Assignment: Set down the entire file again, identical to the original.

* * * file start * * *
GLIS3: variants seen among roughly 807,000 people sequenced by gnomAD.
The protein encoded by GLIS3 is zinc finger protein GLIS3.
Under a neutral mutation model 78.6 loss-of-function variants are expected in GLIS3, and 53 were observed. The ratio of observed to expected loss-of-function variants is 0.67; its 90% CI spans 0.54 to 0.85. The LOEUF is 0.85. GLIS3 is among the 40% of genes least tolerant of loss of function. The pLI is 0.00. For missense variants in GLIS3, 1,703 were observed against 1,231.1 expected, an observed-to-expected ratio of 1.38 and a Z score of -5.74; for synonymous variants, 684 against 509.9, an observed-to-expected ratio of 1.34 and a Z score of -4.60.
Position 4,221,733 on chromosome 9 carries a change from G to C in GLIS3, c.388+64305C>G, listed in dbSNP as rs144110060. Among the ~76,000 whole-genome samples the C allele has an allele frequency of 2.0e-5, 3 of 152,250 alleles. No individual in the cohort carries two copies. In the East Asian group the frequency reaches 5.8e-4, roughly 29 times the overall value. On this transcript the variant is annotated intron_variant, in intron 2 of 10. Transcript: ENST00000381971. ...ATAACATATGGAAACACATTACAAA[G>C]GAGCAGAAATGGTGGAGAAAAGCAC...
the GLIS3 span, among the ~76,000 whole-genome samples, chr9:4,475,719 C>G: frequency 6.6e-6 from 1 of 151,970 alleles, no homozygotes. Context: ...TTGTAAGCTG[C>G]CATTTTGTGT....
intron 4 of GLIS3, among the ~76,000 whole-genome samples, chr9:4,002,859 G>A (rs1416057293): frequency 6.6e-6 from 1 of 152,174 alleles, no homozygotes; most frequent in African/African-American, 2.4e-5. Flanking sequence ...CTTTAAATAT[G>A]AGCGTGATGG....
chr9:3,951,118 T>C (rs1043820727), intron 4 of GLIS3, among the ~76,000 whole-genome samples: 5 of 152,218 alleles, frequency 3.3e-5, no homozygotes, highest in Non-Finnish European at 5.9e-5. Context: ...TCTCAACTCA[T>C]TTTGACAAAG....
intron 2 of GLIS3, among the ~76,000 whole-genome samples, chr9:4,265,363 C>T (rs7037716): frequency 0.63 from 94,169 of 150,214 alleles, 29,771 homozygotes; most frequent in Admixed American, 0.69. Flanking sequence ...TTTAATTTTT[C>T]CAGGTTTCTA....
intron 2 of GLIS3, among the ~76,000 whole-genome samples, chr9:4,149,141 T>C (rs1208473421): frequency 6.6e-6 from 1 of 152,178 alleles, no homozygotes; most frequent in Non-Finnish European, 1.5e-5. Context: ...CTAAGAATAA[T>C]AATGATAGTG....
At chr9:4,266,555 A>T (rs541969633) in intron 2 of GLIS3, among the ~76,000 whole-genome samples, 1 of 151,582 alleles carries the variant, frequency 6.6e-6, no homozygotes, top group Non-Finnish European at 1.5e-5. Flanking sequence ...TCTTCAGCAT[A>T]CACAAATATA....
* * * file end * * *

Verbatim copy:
GLIS3: variants seen among roughly 807,000 people sequenced by gnomAD.
The protein encoded by GLIS3 is zinc finger protein GLIS3.
Under a neutral mutation model 78.6 loss-of-function variants are expected in GLIS3, and 53 were observed. The ratio of observed to expected loss-of-function variants is 0.67; its 90% CI spans 0.54 to 0.85. The LOEUF is 0.85. GLIS3 is among the 40% of genes least tolerant of loss of function. The pLI is 0.00. For missense variants in GLIS3, 1,703 were observed against 1,231.1 expected, an observed-to-expected ratio of 1.38 and a Z score of -5.74; for synonymous variants, 684 against 509.9, an observed-to-expected ratio of 1.34 and a Z score of -4.60.
Position 4,221,733 on chromosome 9 carries a change from G to C in GLIS3, c.388+64305C>G, listed in dbSNP as rs144110060. Among the ~76,000 whole-genome samples the C allele has an allele frequency of 2.0e-5, 3 of 152,250 alleles. No individual in the cohort carries two copies. In the East Asian group the frequency reaches 5.8e-4, roughly 29 times the overall value. On this transcript the variant is annotated intron_variant, in intron 2 of 10. Transcript: ENST00000381971. ...ATAACATATGGAAACACATTACAAA[G>C]GAGCAGAAATGGTGGAGAAAAGCAC...
the GLIS3 span, among the ~76,000 whole-genome samples, chr9:4,475,719 C>G: frequency 6.6e-6 from 1 of 151,970 alleles, no homozygotes. Context: ...TTGTAAGCTG[C>G]CATTTTGTGT....
intron 4 of GLIS3, among the ~76,000 whole-genome samples, chr9:4,002,859 G>A (rs1416057293): frequency 6.6e-6 from 1 of 152,174 alleles, no homozygotes; most frequent in African/African-American, 2.4e-5. Flanking sequence ...CTTTAAATAT[G>A]AGCGTGATGG....
chr9:3,951,118 T>C (rs1043820727), intron 4 of GLIS3, among the ~76,000 whole-genome samples: 5 of 152,218 alleles, frequency 3.3e-5, no homozygotes, highest in Non-Finnish European at 5.9e-5. Context: ...TCTCAACTCA[T>C]TTTGACAAAG....
intron 2 of GLIS3, among the ~76,000 whole-genome samples, chr9:4,265,363 C>T (rs7037716): frequency 0.63 from 94,169 of 150,214 alleles, 29,771 homozygotes; most frequent in Admixed American, 0.69. Flanking sequence ...TTTAATTTTT[C>T]CAGGTTTCTA....
intron 2 of GLIS3, among the ~76,000 whole-genome samples, chr9:4,149,141 T>C (rs1208473421): frequency 6.6e-6 from 1 of 152,178 alleles, no homozygotes; most frequent in Non-Finnish European, 1.5e-5. Context: ...CTAAGAATAA[T>C]AATGATAGTG....
At chr9:4,266,555 A>T (rs541969633) in intron 2 of GLIS3, among the ~76,000 whole-genome samples, 1 of 151,582 alleles carries the variant, frequency 6.6e-6, no homozygotes, top group Non-Finnish European at 1.5e-5. Flanking sequence ...TCTTCAGCAT[A>T]CACAAATATA....